Tuesday, November 01, 2005

Happy Anniversary, You’re Perfect, Now Change—Part III

A few years ago I wrote about the economist, Joseph Schumpeter. Although there have been many drastic changes in our lives since then, what has remained constant and unchanged is Schumpeter’s major contribution to the theory of economics, and its relevant application to today’s world. In fact, not many years ago, Business Week and the Wall Street Journal were so impressed by his revelations that the former once dubbed him “Today’s Hottest Economist,” and the latter called him “the most important economist of the 20th century.”

Some may argue that the Journal’s evaluation is an overstatement that overlooks the more widely accepted notion that John Maynard Keynes deserves that title. However, at the very least, others may be willing to split the difference by awarding the crown to Keynes for the first half of the 20th century, and to Schumpeter for the second half.

Ironically Keynes and Schumpeter were both born in the year 1883, Keynes in England, and Schumpeter in what was then the Austro-Hungarian Empire. Educated as a lawyer, Schumpeter, early in his career jokingly told friends he aspired to three goals: to be “the greatest lover of beautiful women in Vienna, Europe’s greatest horseman, and also the world’s greatest economist.” He later would roguishly admit to having achieved two of his three objectives without identifying which two he believed he attained.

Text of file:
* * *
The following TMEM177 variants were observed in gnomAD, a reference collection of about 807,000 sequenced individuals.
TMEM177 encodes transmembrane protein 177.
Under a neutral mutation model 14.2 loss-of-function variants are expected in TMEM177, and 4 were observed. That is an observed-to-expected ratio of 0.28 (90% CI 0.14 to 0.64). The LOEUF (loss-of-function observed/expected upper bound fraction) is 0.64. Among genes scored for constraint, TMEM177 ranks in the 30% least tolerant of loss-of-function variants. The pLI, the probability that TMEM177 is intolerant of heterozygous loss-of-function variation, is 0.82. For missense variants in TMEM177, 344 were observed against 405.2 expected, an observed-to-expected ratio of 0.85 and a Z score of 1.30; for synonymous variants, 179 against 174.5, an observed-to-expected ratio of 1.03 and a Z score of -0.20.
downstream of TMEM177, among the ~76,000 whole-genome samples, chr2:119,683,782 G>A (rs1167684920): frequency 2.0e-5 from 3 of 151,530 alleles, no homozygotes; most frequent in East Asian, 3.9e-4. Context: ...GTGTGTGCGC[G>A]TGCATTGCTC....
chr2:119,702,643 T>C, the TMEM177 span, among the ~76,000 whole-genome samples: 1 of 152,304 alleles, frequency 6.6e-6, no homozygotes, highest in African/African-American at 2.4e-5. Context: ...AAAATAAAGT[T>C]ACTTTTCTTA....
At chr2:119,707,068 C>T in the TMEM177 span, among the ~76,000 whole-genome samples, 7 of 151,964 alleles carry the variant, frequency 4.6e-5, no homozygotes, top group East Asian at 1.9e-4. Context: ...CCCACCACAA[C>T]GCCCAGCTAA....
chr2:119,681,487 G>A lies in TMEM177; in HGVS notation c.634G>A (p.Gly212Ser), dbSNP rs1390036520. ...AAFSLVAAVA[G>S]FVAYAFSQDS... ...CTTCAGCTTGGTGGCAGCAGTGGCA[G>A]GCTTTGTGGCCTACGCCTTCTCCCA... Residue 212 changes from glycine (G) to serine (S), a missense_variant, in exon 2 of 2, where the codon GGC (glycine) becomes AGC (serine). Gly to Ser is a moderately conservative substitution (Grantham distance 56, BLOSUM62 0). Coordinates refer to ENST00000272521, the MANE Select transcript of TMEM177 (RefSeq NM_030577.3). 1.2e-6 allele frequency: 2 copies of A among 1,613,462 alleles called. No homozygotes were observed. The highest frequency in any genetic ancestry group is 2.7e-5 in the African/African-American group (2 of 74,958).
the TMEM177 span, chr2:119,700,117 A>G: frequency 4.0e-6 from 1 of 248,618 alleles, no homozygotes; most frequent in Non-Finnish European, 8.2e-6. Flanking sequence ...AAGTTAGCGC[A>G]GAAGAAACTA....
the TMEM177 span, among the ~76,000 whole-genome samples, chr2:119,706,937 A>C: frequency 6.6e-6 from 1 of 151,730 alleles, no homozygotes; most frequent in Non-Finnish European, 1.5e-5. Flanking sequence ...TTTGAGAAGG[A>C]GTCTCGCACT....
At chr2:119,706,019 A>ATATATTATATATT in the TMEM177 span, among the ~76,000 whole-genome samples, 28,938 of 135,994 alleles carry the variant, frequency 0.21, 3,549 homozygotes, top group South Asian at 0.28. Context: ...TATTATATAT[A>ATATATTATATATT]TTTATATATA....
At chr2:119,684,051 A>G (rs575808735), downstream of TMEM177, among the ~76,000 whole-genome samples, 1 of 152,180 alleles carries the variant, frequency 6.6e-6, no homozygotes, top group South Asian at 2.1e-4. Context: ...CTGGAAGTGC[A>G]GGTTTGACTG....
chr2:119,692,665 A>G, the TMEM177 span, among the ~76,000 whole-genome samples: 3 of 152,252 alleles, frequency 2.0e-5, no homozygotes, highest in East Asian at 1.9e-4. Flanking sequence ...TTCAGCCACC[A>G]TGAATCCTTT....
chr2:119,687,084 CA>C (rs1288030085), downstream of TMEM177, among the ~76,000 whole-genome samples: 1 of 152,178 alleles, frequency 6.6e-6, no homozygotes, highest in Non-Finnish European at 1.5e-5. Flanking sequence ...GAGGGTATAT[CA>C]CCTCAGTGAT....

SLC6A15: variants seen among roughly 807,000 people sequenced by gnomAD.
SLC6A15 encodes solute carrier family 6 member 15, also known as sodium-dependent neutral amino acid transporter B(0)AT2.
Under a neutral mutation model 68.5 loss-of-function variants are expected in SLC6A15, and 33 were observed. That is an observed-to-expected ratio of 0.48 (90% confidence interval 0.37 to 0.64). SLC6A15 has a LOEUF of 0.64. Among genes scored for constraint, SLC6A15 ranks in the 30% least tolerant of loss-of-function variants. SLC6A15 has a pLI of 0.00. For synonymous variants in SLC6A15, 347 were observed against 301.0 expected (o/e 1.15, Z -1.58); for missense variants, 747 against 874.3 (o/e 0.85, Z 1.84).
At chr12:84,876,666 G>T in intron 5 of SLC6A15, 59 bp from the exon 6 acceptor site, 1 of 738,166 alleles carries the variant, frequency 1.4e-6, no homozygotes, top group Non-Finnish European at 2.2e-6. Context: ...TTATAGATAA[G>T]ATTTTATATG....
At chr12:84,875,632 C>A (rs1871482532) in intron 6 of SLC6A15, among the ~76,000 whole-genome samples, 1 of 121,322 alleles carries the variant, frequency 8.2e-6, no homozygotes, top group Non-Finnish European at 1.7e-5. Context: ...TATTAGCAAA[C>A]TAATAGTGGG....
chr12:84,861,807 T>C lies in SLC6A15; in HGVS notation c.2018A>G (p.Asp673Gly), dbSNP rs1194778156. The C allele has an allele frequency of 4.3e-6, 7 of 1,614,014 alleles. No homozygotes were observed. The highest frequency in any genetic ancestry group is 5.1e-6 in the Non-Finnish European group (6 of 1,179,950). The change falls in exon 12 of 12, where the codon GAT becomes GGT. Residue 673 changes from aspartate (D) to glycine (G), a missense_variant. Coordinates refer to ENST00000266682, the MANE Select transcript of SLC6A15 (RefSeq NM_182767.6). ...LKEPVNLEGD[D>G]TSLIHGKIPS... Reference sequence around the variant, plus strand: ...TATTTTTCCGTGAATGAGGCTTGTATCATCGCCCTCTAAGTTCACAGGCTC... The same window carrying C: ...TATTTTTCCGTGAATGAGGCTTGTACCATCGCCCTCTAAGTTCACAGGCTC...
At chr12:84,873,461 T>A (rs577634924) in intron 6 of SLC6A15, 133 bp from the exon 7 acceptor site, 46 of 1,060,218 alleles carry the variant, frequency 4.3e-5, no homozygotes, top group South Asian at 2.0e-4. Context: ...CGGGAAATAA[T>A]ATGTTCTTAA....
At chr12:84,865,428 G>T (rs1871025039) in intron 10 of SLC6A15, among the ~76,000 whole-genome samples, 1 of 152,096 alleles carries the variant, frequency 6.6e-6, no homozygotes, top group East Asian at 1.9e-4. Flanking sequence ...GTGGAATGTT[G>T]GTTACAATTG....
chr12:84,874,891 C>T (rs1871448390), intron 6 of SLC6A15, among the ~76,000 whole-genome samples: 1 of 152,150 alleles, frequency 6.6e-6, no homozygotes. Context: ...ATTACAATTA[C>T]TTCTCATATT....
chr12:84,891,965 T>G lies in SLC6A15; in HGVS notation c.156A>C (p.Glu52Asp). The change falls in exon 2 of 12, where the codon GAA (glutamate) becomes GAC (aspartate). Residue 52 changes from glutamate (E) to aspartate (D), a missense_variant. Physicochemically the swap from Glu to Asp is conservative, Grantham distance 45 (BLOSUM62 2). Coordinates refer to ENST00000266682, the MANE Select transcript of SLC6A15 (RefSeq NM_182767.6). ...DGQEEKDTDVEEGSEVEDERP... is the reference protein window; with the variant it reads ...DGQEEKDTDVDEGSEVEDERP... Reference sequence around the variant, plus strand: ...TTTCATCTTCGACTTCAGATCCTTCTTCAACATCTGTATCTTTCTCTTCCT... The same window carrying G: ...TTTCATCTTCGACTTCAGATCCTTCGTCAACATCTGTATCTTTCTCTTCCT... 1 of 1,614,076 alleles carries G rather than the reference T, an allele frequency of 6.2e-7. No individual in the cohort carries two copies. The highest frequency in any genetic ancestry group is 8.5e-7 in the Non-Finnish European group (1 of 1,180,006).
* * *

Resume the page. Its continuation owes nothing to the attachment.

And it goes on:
Despite a series of unsuccessful early ventures, one as Austria’s finance minister, and another presiding over a bank that failed, with the rise of the Nazi party and Hitler, in 1932 he left his position as chairman of the economics department at the University of Bonn in Germany to accept a position at Harvard where he taught until his retirement in 1949.

Although he wrote several books, his most important contributions were collected in one titled, Capitalism, Socialism and Democracy, published in 1942. It was here that he emphasized it was the entrepreneur who created new competition, new ideas, new technology, and new modes of organization. These innovations in turn upend the established order, unleashing a “gale of creative destruction” that forces incumbents to adapt or to die. It is this “process of industrial mutation [that] incessantly revolutionizes the economic structure from within, incessantly destroying the old one, incessantly creating a new one.”